Lorraine Skala did not cut a ribbon to officially open the Earthship house at Silver Lake Nature Center. Instead, she clipped a vine.
The move added symbolism to an already symbolic gesture, but in the case of the Earthship, it seemed especially appropriate. The building was constructed over the last few years with recycled products, including 360 rubber tires, glass bottles and other materials. On Sept. 16, it was opened to the public for the first time.
“It couldn’t have been done without everybody here. Blood, sweat, tears and then some,” Skala said before cutting the vine. “I just feel really fortunate that I work in this community, where things like this are possible.”
She and her husband, Jim Skala, led dozens of people through the building. It was Lorraine’s “hairbrained scheme,” but Jim, a union carpenter, helped make it a reality. He organized construction for the Earthship, spending countless hours of labor to build his wife’s vision.
“I had the ideas and he had the skills,” Skala said.
Skala is also education director at Silver Lake, located at 1306 Bath Road in Bristol Township. The Earthship, she said, has an educational function, showing people that sustainable living is possible. At around 1,000 square feet, the building is designed to be fully sustainable and produce zero carbon footprint.
With solar panels, it can function with no connection to the electrical grid and it does not need a water or sewage system. The soil-filled tires that make up most of the wall operate as a thermal mass that stores heat. The large windows across the front side of the building allow that portion of the house to work like a greenhouse, complete with a garden maintained by recycled wastewater.
To regulate heating and cooling without electricity, there is a convection vent that stays open in the summer and closed in the winter. In the summer, the walls absorb excessive heat, creating a cool atmosphere inside. In the winter, sunlight pours in and the surrounding earth radiates heat, which does not easily escape.
“You’re working with nature to supply your needs. It’s all about intentional living,” Skala said. “You don’t wake up in the morning and take everything for granted.”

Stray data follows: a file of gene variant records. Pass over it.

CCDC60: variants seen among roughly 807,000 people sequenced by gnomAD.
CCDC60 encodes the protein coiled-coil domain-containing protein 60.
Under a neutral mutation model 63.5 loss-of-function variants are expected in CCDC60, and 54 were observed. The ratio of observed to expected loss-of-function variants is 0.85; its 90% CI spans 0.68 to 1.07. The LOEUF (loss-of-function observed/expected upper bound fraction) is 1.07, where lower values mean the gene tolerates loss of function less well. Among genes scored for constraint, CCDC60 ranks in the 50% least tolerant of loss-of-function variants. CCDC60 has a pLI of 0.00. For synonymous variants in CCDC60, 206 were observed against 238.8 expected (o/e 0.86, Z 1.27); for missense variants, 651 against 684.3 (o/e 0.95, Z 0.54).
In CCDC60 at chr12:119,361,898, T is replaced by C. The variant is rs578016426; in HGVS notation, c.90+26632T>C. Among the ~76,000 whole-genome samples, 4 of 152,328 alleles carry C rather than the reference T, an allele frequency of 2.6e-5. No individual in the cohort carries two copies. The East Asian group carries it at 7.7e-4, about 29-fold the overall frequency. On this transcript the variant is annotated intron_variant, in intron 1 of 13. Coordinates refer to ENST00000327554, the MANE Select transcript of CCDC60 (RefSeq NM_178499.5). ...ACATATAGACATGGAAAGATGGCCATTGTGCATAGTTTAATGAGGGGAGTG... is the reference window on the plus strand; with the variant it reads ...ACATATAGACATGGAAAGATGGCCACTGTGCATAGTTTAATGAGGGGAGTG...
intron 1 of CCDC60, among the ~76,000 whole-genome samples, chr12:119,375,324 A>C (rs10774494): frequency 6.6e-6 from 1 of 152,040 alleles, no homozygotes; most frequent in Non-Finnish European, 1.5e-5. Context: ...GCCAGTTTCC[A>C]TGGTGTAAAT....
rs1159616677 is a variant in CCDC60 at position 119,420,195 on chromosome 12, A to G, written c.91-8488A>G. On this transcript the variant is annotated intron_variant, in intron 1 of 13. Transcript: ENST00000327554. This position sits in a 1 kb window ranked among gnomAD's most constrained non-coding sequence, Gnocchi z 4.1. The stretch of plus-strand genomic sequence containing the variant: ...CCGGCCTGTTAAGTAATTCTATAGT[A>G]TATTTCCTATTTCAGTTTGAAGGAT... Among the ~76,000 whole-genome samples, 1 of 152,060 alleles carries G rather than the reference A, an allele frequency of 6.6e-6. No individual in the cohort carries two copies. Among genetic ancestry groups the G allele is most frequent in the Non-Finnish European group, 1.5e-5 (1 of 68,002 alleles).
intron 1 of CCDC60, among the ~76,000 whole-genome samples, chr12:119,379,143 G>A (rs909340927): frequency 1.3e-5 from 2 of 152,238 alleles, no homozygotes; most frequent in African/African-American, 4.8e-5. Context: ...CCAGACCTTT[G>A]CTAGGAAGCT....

She compared the comforts of American living with that of people elsewhere, who don’t have easy access to drinking water or live in homes with electricity or heating and cooling systems. Structures like this, she said, may be a solution to both mitigate some environmental concerns and provide a model for sustainable living across the globe.
The effort to build the Earthship involved many community members. Funds to get the project started were supplied by a $25,000 grant from the the Pennsylvania Department of Community and Economic Development. Individuals contributed through the “message in bottle” fundraiser, where they would donate and leave a message in one of the bottles that make up parts of the wall. Others bought commemorative bricks for the floor.
Tires and other materials were taken from area landfills, and Tire City in Bristol supplied old tires to round out the construction.
The idea of Earthships was conceived by Michael Reynolds, an architect based in New Mexico. He is the main inspiration for Skala’s design at Silver Lake Nature Center. Over the years, he has written five books on the topic and constructed several Earthships with designs incorporating water catchment from roofs, composting toilets and indoor gardening, all of which are elements of the Silver Lake Earthship house.
“Earthships are not catching on around here, but they are elsewhere,” Skala said. “We did it as an educational piece to show that you can live comfortably without consuming a lot of fossil fuels.”
For information on the Earthship, visit www.silverlakenaturecenter.org.